Unfortunately, and you can choose to believe this or not, the world we live in is not invincible. Decisions made over the last century have had their toll on our earth and things are changing. I'm beginning to wonder if I don't begin to live in my own self-imposed boundaries will I be forced to live in ones imposed by our earth? The bigger question for me is - am I willing to make a few, and lets be honest minimal, sacrifices now so that my daughter's biggest question is also "can I live without avocados?" rather than "can I live without clean water, unpolluted soil, or clear air?" - we of course all know the answer to both of those questions. It's the reason the Colorado River no longer reaches the ocean and why Georgians underwent panic when Lake Lanier's water levels dropped dangerously low a few years ago. We pipe in water from non-renewable aquifers 300 miles away to hydrate our southwestern states. Sustainable? You be the judge.
I recently read that if every US citizen intentionally ate just one meal a week composed of locally and organically raised meats and produce, we would reduce our country's oil consumption by over 1.1 million barrels of oil each week. Now I realize that I can't make every US citizen change but I can change. I can choose to reduce my oil consumption and maybe, just maybe, change a piece of the world in the process.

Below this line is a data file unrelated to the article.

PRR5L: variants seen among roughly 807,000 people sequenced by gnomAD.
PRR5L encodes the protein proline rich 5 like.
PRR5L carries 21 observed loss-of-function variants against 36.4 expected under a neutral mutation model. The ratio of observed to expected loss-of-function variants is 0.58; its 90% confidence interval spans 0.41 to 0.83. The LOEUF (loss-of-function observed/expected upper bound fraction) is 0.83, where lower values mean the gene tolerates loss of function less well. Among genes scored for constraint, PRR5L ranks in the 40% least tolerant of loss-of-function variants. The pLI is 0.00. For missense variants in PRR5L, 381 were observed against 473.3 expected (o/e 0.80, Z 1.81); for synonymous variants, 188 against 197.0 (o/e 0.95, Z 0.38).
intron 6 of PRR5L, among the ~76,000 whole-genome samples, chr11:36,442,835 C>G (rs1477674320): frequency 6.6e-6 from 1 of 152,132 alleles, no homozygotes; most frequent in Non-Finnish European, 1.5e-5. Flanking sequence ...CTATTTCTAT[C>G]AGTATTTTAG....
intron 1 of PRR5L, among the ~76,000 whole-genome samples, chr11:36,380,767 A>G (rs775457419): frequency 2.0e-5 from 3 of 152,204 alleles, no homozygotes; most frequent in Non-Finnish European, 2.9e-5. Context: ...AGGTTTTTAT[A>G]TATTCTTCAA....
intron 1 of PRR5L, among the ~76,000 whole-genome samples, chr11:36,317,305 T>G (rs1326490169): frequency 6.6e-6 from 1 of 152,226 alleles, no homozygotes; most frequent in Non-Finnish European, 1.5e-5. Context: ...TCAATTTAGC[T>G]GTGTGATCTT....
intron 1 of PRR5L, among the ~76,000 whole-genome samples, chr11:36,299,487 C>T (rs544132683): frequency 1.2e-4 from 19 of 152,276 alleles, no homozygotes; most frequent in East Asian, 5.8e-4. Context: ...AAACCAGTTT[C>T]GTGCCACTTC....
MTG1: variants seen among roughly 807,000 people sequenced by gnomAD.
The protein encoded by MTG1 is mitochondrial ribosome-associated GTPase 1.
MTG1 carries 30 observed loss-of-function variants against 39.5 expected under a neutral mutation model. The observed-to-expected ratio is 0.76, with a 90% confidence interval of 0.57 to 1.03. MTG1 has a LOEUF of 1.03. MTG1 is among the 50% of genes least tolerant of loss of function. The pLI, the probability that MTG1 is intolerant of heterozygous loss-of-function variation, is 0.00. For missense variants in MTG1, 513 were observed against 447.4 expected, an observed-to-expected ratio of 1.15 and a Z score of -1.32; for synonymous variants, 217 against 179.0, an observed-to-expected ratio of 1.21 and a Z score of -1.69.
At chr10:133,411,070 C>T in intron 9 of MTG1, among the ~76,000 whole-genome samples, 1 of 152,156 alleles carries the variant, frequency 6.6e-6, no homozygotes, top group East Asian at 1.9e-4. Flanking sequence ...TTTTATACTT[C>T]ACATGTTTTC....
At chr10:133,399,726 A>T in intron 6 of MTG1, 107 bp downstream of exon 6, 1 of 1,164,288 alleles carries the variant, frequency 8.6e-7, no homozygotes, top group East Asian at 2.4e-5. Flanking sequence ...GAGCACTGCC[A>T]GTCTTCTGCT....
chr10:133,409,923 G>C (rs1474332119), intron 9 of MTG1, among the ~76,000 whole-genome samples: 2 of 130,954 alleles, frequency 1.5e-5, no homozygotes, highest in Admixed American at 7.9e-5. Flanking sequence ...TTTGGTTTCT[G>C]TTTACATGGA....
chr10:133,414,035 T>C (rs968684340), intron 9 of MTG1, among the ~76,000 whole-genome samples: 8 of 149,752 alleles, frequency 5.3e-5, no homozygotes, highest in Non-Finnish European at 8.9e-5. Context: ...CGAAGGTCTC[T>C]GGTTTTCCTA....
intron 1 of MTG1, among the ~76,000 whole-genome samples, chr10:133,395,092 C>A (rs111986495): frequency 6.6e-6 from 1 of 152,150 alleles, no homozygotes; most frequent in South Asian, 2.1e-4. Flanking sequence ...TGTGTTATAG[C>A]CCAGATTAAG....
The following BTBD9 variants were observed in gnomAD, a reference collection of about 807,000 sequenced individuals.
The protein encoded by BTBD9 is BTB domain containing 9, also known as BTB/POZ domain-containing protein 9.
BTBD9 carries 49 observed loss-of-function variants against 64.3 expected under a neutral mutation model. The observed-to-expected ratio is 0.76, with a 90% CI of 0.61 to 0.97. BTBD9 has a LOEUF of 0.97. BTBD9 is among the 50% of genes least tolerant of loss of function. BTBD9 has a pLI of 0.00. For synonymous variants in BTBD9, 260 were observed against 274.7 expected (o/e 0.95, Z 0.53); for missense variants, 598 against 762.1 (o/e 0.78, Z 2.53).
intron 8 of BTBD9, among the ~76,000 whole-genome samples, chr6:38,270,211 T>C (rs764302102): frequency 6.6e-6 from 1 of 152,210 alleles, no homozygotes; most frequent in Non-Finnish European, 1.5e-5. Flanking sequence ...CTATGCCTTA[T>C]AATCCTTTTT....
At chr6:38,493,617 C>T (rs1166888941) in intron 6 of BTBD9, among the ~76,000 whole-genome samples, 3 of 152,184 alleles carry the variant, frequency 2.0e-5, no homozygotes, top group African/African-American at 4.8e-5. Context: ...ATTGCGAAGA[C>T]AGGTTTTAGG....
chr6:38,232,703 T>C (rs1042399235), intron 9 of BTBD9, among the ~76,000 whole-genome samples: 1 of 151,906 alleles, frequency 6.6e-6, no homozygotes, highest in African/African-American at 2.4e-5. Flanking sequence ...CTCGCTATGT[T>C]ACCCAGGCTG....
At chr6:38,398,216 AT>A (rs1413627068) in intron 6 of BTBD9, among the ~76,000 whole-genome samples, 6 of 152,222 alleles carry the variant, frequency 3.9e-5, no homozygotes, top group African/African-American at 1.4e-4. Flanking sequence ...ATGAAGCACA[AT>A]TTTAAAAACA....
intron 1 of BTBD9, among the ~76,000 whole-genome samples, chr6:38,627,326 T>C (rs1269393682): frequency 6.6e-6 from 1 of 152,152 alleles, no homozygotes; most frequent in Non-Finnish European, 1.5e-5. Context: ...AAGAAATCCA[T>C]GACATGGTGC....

So I'm wrestling with the idea of choosing a few non-negotiable [well, at least at this point] non-local food items and ditching the rest. Bananas and avocados, I'm sorry but you will have to be reserved for holiday celebrations. Oranges, I'll see you in my stocking Christmas morning. Olive oil, well you're sticking around because let's face it, there's no good substitute and I don't see olive groves growing in my backyard anytime soon.
I ponder, as I peruse the remaining contents my pantry and refrigerator, do I eat these things because I crave them or because they are available? What would happen if my life became free of some of these non-local, gas intensive crops? Would I begin to see and crave more local fare?
Right now these questions will have to remain unanswered for me but I can at least take a step. Ridding my life of a few products and maybe a bit of pollution and petroleum reliance may be a bit painful at first [oh, guacamole...] but I think it might just be worth it.
Besides, asparagus season is just around the corner and then those fence lines won't seem as intrusive anymore.
Friday, February 10, 2012